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Once a young parent, always a young parent?


By petra - Posted on 17 May 2012

I'm not a young parent anymore, but in some ways maybe I am. I'm in my early 40's and some of my friends who are my age have just had their first baby. Whereas, my oldest kid is in her 20's. The other two are teenagers. I don't struggle the way I used to when I was young and my kids were young. Things do get easier. But at the same time, I will always be from a different generation than other parents of my oldest kids. I will always be out of phase with people my age who had their kids 15-20 years later than I did. While they are adjusting to parenting little people after decades as adults without kids, I am now finding out what it is like to be an adult without having young children for the first time in my life.

Sometimes people ask me why we serve parents up to age 29. They don't see how a 29-year-old parent is a young parent, and the truth is that many 29-year-olds are not. There are two reasons why we serve 'young parents' from age 13 up to age 29:

1. Once a young parent, always a young parent. If you have your first kid when you are a teenager, then that same kid is going to be going into middle school before you turn 30. The other parents will still be 10-25 years older than you and people will still have preconceptions about your ability to parent based on your age. Have you ever had a teacher yell at you to get back to class while standing with your kid at his locker? Or have a student ask you “what are you in trouble for?” while waiting to see your daughter's principal? I have! Parents in their late 20's who are parenting kids in early adolescence have unique needs for support.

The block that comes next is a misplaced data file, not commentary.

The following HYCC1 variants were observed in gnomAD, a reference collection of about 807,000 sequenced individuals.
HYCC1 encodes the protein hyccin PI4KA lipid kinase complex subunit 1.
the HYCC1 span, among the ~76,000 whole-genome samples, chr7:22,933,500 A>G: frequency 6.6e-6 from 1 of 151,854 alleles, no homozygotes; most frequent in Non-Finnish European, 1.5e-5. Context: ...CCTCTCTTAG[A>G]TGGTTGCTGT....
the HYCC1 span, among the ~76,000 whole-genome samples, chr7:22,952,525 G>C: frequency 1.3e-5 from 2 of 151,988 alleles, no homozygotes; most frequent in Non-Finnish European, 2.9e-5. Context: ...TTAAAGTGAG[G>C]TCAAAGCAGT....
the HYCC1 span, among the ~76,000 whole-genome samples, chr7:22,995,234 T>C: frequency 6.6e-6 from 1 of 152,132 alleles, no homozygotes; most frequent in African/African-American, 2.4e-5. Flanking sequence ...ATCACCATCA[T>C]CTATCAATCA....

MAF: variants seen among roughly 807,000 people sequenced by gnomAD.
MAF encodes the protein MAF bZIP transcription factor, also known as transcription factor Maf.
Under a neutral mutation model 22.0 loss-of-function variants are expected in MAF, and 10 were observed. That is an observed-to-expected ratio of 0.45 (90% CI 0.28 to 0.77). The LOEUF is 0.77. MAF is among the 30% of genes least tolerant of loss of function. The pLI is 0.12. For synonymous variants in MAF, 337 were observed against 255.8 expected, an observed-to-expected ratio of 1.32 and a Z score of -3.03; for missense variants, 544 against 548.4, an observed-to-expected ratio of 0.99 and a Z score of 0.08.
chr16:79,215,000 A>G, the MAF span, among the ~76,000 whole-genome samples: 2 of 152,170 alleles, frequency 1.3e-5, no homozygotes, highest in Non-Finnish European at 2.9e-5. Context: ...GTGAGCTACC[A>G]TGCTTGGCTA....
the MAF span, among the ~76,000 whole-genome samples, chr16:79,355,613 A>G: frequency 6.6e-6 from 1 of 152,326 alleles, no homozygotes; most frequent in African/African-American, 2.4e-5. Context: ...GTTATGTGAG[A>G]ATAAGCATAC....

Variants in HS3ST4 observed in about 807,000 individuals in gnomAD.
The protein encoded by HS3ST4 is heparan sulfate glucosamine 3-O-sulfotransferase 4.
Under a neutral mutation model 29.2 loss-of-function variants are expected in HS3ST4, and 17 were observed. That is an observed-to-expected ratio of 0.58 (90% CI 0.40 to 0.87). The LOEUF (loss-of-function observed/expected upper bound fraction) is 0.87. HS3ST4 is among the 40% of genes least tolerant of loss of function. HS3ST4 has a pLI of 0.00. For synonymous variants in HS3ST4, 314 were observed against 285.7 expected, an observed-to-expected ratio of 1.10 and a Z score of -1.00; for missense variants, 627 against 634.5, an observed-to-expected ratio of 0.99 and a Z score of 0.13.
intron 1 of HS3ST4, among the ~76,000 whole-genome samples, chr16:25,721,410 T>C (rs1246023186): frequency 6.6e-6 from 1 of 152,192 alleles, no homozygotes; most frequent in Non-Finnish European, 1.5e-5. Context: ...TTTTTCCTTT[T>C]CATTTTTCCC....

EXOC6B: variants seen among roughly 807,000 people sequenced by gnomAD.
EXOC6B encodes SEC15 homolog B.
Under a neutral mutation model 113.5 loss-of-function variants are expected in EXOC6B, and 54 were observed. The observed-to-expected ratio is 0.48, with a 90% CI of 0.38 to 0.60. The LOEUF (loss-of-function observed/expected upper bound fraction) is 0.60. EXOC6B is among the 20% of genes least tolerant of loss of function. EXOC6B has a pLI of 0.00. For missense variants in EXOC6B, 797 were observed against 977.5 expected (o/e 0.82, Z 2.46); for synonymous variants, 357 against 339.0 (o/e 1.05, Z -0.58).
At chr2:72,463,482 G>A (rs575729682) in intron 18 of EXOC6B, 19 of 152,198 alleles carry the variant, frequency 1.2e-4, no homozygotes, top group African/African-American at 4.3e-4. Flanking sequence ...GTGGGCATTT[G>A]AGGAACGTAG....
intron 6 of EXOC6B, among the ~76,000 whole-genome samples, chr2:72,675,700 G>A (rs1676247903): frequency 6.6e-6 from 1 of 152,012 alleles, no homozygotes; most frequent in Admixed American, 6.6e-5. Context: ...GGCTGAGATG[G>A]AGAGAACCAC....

2. An interesting phenomenon occurs in technologically complex societies. In more traditional societies, young people can reach adult status at a much younger age. They can learn the skills required to function as an adult in the society by their early to mid-teens. The more technologically complex a society is, the longer it takes for young people to reach adult status, both in the eyes of older adults and in their own estimation. We live in a society that is technologically complicated and are now seeing a delayed period of adolescence that (in many cases) seems to stretch through the 20's and into the 30's. Becoming a parent requires that you become an adult, whether that happens when you are 14 or 27. As humans, we require support & mentorship to successfully make the transition to adulthood, no matter what age we are. At YPSN, we strive to provide that support.

And what happens when you turn 30? Well, you can’t access YPSN support services anymore, but you can stay connected as a volunteer. Our board of directors is made up exclusively of current and former young parents who believe in what we do and want to support the next generation of young parent families by providing guidance and leadership to our organization.